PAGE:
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Barbara Myerhoff

Credit: Photograph by Vincent J. Grass.
Courtesy of Sonia Press Fuentes.

People

Browse this section for short profiles of some of the thousands of Jewish women found throughout jwa.org. We will be adding new profiles to this section regularly and welcome your suggestions for women to add.

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Showing 201 - 225 of 1116
Name & Description
Date of Birth
Birth Place
Elana Brownstein at her home, July 2002
Elana Brownstein

Representing a new generation of women activists, Elana Brownstein advocated for countless causes, ranging from body image to AIDS orphans, while still in high school.

1985
Pikesville, Maryland
United States
Eating Disorders: Obesity, Anorexia Nervosa and the Person Within by Hilde Bruch
Hilde Bruch

Hilde Bruch’s seminal work on eating disorders contributed significantly to understanding and treatment of the diseases in the 1970s.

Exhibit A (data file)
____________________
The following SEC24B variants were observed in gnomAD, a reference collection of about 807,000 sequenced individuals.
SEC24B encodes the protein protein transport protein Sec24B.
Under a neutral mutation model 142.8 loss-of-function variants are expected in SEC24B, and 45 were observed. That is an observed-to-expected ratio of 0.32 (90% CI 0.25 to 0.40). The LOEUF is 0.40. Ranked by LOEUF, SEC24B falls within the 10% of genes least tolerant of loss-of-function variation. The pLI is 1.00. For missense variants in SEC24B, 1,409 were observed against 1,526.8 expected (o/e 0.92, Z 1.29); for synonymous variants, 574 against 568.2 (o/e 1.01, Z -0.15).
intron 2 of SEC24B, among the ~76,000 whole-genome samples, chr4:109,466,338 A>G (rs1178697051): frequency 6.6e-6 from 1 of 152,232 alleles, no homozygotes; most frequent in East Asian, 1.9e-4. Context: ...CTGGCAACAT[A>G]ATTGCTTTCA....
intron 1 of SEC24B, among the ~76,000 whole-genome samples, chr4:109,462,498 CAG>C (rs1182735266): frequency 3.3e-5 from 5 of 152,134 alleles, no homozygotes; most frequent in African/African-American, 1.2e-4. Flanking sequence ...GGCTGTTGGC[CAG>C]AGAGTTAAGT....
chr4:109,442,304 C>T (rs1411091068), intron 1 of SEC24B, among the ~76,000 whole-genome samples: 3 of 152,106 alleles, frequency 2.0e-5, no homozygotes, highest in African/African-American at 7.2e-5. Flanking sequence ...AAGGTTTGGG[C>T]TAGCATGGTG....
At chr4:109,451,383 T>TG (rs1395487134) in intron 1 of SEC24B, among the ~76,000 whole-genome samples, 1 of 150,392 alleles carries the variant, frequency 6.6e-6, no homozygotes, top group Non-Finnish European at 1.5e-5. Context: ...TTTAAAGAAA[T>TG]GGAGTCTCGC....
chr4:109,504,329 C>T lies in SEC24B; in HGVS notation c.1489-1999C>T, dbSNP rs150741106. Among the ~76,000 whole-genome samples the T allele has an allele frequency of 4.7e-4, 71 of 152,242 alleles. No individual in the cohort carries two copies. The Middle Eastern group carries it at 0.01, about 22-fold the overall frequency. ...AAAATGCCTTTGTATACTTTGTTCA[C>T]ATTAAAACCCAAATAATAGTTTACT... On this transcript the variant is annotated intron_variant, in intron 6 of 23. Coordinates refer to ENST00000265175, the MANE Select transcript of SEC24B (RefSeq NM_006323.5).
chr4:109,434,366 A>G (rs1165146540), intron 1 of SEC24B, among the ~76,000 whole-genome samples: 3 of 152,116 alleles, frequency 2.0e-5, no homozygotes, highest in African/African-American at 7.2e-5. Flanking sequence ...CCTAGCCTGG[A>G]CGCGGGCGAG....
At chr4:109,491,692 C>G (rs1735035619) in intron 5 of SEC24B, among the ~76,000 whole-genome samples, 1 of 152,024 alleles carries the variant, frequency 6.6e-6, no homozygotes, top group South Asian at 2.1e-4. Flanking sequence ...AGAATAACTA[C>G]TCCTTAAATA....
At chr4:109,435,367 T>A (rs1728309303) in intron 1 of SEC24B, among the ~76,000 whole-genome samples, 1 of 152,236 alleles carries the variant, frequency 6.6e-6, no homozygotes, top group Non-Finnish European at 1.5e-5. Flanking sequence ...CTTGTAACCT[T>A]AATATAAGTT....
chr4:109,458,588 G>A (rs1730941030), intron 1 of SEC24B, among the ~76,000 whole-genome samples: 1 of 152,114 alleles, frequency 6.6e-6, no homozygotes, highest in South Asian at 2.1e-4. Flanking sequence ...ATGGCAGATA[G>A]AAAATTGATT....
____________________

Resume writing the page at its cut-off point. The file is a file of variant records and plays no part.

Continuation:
March 11, 1904
New York, New York
United States
Ruth Mack Brunswick

Psychoanalyst Ruth Mack Brunswick served as a crucial sounding board for Sigmund Freud, helping him revise his theories on the importance of the mother in the early shaping of the psyche.

February 17, 1897
Chicago, Illinois
United States
Rabbi Cantor Angela Warnick Buchdahl
Angela Buchdahl

Angela Buchdahl made history as the first Asian-American rabbi and cantor, but it has been her skill with congregants that has fueled her rise to senior rabbi at a prestigious Manhattan synagogue.

July 8, 1972
Seoul
South Korea
Emilie M. Bullowa

As a lawyer and activist, Emilie M. Bullowa devoted her life to justice for the disenfranchised, arguing, “Our democracy doesn’t work if the people who can’t afford … legal aid can’t get justice.”

1869
New York, New York
United States
Ruth Bunzel
Ruth Leah Bunzel

Anthropologist Ruth Leah Bunzel did groundbreaking work on the relationship of artists to their work and on alcoholism in Guatemala and Mexico.

April 18, 1898
New York, New York
United States
Helen Lehman Buttenwieser

As a lawyer, Helen Lehman Buttenwieser fought to protect children in the foster care system.

October 8, 1905
New York, New York